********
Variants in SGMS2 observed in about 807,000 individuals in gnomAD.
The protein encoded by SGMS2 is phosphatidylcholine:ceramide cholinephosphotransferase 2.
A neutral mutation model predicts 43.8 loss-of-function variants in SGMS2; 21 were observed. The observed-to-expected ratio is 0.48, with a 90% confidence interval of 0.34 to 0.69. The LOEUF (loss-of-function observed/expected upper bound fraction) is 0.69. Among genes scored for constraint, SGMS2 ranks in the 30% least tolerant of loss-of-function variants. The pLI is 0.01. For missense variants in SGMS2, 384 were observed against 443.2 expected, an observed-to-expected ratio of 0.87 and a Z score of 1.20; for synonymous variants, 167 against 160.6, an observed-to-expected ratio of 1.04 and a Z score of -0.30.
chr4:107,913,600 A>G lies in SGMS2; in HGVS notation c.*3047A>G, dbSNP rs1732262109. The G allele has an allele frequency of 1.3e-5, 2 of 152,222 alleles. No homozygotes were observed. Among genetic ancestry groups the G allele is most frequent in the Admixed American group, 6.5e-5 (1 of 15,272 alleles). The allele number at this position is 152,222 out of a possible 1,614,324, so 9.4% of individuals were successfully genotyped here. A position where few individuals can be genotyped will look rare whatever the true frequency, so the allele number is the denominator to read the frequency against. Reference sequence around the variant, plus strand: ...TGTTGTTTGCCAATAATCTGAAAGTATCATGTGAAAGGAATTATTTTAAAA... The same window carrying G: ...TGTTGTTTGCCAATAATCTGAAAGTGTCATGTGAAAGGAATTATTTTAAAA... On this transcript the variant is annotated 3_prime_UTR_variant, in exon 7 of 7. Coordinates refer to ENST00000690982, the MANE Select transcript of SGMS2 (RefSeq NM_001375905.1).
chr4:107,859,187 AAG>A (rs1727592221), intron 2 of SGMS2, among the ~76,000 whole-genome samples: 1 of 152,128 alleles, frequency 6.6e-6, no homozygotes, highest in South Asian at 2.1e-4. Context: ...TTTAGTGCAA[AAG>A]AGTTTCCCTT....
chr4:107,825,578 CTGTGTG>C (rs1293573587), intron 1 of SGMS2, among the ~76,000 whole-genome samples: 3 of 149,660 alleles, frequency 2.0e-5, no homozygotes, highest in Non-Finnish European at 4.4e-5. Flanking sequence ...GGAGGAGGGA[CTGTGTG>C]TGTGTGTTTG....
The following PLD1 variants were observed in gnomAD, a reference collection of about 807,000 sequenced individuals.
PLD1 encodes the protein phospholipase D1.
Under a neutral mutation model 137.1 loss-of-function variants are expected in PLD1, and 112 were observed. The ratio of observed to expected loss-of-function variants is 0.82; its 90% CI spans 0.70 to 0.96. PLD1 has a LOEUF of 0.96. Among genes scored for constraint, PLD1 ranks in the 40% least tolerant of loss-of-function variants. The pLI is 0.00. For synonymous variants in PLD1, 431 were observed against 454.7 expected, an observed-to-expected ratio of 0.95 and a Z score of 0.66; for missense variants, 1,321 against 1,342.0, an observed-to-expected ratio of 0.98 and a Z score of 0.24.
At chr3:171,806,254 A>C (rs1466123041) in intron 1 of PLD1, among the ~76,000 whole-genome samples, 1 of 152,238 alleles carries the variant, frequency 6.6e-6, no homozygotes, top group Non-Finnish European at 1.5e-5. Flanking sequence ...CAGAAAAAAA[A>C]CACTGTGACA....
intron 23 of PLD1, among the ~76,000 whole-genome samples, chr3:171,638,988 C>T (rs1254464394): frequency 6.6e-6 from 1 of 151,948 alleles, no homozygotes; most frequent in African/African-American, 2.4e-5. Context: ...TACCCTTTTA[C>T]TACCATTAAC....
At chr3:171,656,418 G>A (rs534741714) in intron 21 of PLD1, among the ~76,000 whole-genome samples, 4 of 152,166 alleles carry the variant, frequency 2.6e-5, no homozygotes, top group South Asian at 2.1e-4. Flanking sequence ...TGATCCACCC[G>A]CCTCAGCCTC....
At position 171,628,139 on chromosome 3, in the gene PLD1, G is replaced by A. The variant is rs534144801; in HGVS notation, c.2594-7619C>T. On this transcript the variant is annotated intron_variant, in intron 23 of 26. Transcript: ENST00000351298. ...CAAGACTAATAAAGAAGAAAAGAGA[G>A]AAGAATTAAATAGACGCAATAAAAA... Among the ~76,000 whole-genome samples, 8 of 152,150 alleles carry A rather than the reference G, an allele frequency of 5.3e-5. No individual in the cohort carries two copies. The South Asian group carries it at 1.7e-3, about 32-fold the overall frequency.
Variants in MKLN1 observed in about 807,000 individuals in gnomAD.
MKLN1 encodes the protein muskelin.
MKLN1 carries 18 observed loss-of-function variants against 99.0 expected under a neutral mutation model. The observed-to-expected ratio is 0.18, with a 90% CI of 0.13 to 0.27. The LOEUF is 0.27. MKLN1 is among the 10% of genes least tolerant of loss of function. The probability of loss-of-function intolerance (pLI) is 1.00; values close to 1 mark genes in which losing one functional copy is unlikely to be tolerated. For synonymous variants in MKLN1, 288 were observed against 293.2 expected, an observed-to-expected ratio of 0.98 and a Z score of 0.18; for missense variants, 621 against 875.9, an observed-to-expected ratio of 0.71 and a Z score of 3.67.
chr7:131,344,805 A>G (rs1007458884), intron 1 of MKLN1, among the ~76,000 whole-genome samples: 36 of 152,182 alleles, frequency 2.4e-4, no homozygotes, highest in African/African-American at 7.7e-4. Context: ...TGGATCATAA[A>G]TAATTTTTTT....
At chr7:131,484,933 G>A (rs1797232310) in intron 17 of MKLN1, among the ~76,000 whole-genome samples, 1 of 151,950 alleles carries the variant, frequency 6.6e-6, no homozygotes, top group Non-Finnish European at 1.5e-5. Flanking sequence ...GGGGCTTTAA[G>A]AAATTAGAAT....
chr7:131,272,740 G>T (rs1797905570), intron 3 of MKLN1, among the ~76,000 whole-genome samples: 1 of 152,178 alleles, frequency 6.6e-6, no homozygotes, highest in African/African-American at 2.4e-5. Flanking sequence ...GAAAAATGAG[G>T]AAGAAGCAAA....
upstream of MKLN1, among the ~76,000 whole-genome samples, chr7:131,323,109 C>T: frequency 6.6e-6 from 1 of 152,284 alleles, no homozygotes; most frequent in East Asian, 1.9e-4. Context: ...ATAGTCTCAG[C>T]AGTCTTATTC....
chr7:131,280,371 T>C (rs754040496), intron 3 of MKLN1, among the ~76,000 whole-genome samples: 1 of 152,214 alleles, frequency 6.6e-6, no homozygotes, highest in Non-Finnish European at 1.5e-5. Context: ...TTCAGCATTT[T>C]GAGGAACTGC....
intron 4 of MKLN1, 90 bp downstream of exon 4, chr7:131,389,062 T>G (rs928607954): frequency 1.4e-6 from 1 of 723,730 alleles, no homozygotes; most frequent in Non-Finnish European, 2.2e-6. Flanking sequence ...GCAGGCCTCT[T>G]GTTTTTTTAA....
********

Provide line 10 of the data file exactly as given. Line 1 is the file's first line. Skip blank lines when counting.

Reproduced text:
At chr3:171,806,254 A>C (rs1466123041) in intron 1 of PLD1, among the ~76,000 whole-genome samples, 1 of 152,238 alleles carries the variant, frequency 6.6e-6, no homozygotes, top group Non-Finnish European at 1.5e-5. Flanking sequence ...CAGAAAAAAA[A>C]CACTGTGACA....